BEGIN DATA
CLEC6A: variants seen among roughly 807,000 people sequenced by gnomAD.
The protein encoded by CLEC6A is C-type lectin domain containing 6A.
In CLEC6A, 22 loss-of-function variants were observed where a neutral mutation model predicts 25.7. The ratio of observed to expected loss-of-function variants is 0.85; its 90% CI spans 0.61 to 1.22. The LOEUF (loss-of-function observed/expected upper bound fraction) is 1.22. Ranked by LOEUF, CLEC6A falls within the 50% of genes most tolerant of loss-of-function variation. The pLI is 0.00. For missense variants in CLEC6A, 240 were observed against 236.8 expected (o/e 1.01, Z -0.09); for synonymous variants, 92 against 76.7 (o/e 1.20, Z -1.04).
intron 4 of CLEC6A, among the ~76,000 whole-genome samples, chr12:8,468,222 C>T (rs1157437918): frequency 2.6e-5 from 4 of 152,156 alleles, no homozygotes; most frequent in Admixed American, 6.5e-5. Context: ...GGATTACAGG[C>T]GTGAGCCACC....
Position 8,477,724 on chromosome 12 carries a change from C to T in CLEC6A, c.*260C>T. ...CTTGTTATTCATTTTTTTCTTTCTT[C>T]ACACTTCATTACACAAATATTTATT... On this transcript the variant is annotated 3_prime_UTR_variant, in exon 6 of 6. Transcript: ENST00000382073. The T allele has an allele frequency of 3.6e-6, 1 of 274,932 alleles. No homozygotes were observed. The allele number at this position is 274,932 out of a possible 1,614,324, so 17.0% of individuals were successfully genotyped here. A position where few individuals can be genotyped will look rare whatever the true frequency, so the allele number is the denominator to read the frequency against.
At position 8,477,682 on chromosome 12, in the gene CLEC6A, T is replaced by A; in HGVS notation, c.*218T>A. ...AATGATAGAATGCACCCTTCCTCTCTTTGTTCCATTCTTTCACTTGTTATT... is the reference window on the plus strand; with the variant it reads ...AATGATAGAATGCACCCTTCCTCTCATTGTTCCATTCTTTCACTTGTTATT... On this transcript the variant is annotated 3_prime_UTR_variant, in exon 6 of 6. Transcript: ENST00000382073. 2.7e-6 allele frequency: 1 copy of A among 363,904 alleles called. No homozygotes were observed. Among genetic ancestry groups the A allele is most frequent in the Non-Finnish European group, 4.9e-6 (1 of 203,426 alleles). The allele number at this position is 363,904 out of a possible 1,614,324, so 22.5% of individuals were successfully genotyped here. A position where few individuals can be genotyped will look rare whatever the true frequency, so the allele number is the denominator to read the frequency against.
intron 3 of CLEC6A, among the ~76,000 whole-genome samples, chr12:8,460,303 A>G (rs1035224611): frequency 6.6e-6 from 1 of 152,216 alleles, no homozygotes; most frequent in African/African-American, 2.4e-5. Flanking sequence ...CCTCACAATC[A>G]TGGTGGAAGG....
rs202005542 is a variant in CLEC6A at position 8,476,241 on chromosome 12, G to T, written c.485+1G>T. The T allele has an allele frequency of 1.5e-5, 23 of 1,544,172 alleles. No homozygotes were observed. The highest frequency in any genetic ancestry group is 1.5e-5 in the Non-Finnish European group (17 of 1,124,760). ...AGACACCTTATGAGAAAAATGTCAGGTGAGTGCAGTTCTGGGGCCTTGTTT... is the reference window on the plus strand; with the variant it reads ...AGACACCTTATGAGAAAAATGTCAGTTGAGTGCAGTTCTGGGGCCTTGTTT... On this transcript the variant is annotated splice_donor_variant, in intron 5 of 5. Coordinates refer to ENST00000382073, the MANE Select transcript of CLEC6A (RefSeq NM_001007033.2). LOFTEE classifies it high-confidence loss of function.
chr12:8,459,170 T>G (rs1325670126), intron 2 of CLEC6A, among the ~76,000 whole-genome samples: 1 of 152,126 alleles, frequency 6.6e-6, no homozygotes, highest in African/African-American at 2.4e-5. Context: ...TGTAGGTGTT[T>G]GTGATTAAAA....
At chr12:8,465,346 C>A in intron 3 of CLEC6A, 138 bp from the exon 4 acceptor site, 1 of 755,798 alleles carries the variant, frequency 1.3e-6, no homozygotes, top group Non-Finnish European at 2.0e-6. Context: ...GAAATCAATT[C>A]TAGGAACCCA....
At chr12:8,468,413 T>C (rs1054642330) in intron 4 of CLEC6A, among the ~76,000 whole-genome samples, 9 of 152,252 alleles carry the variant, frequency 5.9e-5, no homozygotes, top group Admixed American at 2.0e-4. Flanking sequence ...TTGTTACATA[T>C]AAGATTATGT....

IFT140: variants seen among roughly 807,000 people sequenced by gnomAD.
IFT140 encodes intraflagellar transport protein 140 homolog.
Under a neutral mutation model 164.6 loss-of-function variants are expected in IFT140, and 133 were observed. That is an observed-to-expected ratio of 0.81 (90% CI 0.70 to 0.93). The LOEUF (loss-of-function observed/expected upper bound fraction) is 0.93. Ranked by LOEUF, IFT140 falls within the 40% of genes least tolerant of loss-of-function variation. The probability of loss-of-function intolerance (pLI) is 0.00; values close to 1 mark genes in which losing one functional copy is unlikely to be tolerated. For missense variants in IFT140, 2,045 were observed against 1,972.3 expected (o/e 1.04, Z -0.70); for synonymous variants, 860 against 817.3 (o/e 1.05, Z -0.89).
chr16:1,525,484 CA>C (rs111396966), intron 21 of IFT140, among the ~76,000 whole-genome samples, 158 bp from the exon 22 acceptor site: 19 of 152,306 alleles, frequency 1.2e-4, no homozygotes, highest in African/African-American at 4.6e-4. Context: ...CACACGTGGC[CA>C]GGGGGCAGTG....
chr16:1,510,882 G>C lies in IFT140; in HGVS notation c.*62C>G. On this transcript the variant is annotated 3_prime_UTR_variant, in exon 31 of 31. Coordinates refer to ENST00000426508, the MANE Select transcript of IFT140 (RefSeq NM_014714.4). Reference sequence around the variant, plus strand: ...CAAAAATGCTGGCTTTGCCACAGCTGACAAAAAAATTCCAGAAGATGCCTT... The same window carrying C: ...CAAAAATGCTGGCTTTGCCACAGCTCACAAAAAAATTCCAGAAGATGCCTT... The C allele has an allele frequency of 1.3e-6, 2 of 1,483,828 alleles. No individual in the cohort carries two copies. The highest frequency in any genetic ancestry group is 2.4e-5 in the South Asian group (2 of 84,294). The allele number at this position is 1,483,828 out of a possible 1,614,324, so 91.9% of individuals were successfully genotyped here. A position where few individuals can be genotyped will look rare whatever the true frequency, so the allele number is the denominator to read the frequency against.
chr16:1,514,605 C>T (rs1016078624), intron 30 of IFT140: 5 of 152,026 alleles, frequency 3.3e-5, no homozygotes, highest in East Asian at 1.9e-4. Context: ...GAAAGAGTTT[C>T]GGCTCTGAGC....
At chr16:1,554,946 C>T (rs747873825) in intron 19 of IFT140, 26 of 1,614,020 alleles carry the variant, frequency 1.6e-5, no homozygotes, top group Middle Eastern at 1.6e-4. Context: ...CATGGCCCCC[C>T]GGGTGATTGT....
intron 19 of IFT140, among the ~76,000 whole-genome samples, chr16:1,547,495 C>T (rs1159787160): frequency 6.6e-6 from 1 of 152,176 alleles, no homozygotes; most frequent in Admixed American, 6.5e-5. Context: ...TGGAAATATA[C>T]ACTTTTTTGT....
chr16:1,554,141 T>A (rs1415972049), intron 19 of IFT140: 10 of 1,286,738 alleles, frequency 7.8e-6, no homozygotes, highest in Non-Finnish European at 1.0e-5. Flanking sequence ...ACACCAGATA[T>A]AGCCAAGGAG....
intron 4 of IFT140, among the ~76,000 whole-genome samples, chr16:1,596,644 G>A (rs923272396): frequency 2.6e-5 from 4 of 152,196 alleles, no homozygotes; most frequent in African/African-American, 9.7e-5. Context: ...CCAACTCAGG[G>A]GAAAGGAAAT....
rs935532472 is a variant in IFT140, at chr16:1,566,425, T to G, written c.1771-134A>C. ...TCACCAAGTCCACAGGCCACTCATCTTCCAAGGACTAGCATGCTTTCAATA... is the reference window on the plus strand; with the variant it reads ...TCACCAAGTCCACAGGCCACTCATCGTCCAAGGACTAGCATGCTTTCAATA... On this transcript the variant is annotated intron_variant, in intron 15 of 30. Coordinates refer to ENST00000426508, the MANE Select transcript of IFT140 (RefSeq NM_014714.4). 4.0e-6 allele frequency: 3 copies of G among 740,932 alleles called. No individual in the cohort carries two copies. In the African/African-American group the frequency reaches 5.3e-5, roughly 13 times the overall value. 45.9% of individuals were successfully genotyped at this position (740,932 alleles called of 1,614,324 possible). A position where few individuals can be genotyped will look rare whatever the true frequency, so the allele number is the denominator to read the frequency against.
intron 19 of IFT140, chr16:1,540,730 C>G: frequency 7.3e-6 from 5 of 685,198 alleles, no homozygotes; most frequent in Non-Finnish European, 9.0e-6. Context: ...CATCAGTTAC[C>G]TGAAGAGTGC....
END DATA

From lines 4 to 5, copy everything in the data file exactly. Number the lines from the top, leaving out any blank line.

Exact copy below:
intron 4 of CLEC6A, among the ~76,000 whole-genome samples, chr12:8,468,222 C>T (rs1157437918): frequency 2.6e-5 from 4 of 152,156 alleles, no homozygotes; most frequent in Admixed American, 6.5e-5. Context: ...GGATTACAGG[C>T]GTGAGCCACC....
Position 8,477,724 on chromosome 12 carries a change from C to T in CLEC6A, c.*260C>T. ...CTTGTTATTCATTTTTTTCTTTCTT[C>T]ACACTTCATTACACAAATATTTATT... On this transcript the variant is annotated 3_prime_UTR_variant, in exon 6 of 6. Transcript: ENST00000382073. The T allele has an allele frequency of 3.6e-6, 1 of 274,932 alleles. No homozygotes were observed. The allele number at this position is 274,932 out of a possible 1,614,324, so 17.0% of individuals were successfully genotyped here. A position where few individuals can be genotyped will look rare whatever the true frequency, so the allele number is the denominator to read the frequency against.